Belief 2 – the nutrition in breastmilk winds down after six months. I had a surprised and half terrified doctor-friend questioning me as to why I was still breastfeeding my back then 3-year old daughter when all this should have been shut down earlier because breastmilk was of no use after six months. This belief did not only come from one person I encountered, but from many people from all walks of life. There are research out there that indicates breastmilk is produced with nutrition that is adapted for the children’s age, event at age 1 or 10.

Belief 3 – breastfeeding is a mom’s sacrifice. A mom’s will and sacrifice alone to breastfeed is not enough. It calls for the understanding and help from all family members. In Lao culture, new moms go through ‘yuu kam’, a process believed to heal and keep moms healthy and is still commonly practiced. ‘Yuu kam’ already keeps family members busy. But to help moms boost her milk supply by giving her the emotional support and comfort, helping with the baby to allow the mom to rest worry-free, and preparing the appropriate food as opposed to the common belief of restricting to some food only—all are important. I was lucky to have a strong support from my family.

Belief 4 – Breastfed babies are too attached to moms, cannot fully sleep at night, and can’t self-sooth. All these depend on numerous factors and cannot be attributed to breastfeeding alone. Plus, I wouldn’t forego breastfeeding for the natural fact that babies are attached to their moms, wake up to nurse here and then at night, and need the breast to sooth them from all the new and exciting things they face coming out from their mom’s wombs. Through breastfeeding, I’ve had no horrors on long plane rides; got all the needed rest while sleeping and breastfeeding; and no regrets of the special bonds I share with my daughter thus far. Again, breastfeeding is a personal choice. It’s a different call for each and every mom.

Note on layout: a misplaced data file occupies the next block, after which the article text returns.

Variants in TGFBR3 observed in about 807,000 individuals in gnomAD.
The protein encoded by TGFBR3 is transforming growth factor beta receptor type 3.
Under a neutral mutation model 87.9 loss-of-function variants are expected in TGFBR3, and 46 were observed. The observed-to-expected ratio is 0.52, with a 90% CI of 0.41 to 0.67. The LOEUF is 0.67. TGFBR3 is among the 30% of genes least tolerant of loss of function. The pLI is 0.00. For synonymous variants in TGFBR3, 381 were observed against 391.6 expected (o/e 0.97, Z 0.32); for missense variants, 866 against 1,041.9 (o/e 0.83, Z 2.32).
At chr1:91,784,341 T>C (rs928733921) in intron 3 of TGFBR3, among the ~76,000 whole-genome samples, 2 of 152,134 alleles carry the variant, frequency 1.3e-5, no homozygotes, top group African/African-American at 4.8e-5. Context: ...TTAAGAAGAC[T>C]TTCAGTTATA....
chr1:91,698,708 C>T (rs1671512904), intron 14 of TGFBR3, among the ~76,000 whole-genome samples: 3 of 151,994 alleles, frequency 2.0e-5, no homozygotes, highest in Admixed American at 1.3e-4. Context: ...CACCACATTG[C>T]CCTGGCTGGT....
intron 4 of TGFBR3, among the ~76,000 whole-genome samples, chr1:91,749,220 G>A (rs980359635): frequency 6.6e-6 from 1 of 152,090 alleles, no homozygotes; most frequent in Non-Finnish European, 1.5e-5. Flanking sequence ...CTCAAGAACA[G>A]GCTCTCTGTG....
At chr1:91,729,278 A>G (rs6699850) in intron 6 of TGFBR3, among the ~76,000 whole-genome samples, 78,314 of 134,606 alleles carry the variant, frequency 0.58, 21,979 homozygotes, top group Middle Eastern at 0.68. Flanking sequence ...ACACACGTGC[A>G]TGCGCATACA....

Belief 5 – moms nursing in public spaces have no shame in the world. Moms are human, but more than that, she needs to feed her crying baby here and now. So, why would such a natural thing as nursing moms need to feed her baby in the toilet (which houses so many germs and bacteria) and feel shameful, while smoking areas are allocated for smokers? I was lucky to have strong support network—from family, friends, colleagues to employer—and relying on my own cemented face. Yet, this should be a food for thoughts for people, employers, policymakers, and society. Some countries are already ahead in promoting enabling policies for breastfeeding in the public and at work.

Choosing to breastfeed or not is a personal choice. Yet, we can all create an enabling environment and empower moms to breastfeed their child. Hospitals and related sectors can give the correct information on breastfeeding, its many benefits, and the right ways and tools. Family members can provide their full support. Society, be understanding. Enabling policies and measures can empower women to breastfeed in public spaces, at work, and progress in their career. All of us have a role to ‘Enable parents, enable breastfeeding’. 

written by Souridahak Sakonhninhom.